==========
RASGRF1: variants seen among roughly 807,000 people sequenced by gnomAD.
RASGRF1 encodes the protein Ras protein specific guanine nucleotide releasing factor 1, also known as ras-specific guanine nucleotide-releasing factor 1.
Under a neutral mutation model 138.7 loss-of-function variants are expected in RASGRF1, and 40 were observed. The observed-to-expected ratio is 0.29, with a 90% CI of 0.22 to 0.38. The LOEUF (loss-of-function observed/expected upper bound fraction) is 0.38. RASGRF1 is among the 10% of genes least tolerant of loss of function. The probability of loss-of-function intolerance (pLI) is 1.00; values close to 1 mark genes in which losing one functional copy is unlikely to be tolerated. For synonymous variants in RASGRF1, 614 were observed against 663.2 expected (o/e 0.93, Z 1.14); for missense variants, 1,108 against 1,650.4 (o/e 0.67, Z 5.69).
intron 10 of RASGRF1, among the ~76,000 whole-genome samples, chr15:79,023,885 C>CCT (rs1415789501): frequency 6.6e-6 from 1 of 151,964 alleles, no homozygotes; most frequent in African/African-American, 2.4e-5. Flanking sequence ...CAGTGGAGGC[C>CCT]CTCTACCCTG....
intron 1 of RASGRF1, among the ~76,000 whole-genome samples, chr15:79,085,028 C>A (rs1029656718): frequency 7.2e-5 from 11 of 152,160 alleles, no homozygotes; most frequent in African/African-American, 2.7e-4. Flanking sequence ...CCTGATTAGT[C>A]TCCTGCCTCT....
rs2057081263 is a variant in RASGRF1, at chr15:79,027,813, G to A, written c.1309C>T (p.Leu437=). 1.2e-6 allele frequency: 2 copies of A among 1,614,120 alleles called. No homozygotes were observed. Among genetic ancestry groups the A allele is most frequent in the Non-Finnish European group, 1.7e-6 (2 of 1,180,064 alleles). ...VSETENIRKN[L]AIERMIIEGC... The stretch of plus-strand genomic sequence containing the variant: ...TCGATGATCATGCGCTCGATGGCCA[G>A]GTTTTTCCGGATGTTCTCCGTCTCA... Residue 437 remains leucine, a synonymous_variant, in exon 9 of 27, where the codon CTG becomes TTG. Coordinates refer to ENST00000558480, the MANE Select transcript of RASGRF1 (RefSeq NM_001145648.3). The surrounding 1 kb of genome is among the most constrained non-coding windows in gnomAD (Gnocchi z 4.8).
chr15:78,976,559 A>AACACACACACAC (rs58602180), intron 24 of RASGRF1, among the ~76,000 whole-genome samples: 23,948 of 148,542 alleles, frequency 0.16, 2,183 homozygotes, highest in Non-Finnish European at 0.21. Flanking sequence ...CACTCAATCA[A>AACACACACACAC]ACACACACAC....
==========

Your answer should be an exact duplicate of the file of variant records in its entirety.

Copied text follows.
RASGRF1: variants seen among roughly 807,000 people sequenced by gnomAD.
RASGRF1 encodes the protein Ras protein specific guanine nucleotide releasing factor 1, also known as ras-specific guanine nucleotide-releasing factor 1.
Under a neutral mutation model 138.7 loss-of-function variants are expected in RASGRF1, and 40 were observed. The observed-to-expected ratio is 0.29, with a 90% CI of 0.22 to 0.38. The LOEUF (loss-of-function observed/expected upper bound fraction) is 0.38. RASGRF1 is among the 10% of genes least tolerant of loss of function. The probability of loss-of-function intolerance (pLI) is 1.00; values close to 1 mark genes in which losing one functional copy is unlikely to be tolerated. For synonymous variants in RASGRF1, 614 were observed against 663.2 expected (o/e 0.93, Z 1.14); for missense variants, 1,108 against 1,650.4 (o/e 0.67, Z 5.69).
intron 10 of RASGRF1, among the ~76,000 whole-genome samples, chr15:79,023,885 C>CCT (rs1415789501): frequency 6.6e-6 from 1 of 151,964 alleles, no homozygotes; most frequent in African/African-American, 2.4e-5. Flanking sequence ...CAGTGGAGGC[C>CCT]CTCTACCCTG....
intron 1 of RASGRF1, among the ~76,000 whole-genome samples, chr15:79,085,028 C>A (rs1029656718): frequency 7.2e-5 from 11 of 152,160 alleles, no homozygotes; most frequent in African/African-American, 2.7e-4. Flanking sequence ...CCTGATTAGT[C>A]TCCTGCCTCT....
rs2057081263 is a variant in RASGRF1, at chr15:79,027,813, G to A, written c.1309C>T (p.Leu437=). 1.2e-6 allele frequency: 2 copies of A among 1,614,120 alleles called. No homozygotes were observed. Among genetic ancestry groups the A allele is most frequent in the Non-Finnish European group, 1.7e-6 (2 of 1,180,064 alleles). ...VSETENIRKN[L]AIERMIIEGC... The stretch of plus-strand genomic sequence containing the variant: ...TCGATGATCATGCGCTCGATGGCCA[G>A]GTTTTTCCGGATGTTCTCCGTCTCA... Residue 437 remains leucine, a synonymous_variant, in exon 9 of 27, where the codon CTG becomes TTG. Coordinates refer to ENST00000558480, the MANE Select transcript of RASGRF1 (RefSeq NM_001145648.3). The surrounding 1 kb of genome is among the most constrained non-coding windows in gnomAD (Gnocchi z 4.8).
chr15:78,976,559 A>AACACACACACAC (rs58602180), intron 24 of RASGRF1, among the ~76,000 whole-genome samples: 23,948 of 148,542 alleles, frequency 0.16, 2,183 homozygotes, highest in Non-Finnish European at 0.21. Flanking sequence ...CACTCAATCA[A>AACACACACACAC]ACACACACAC....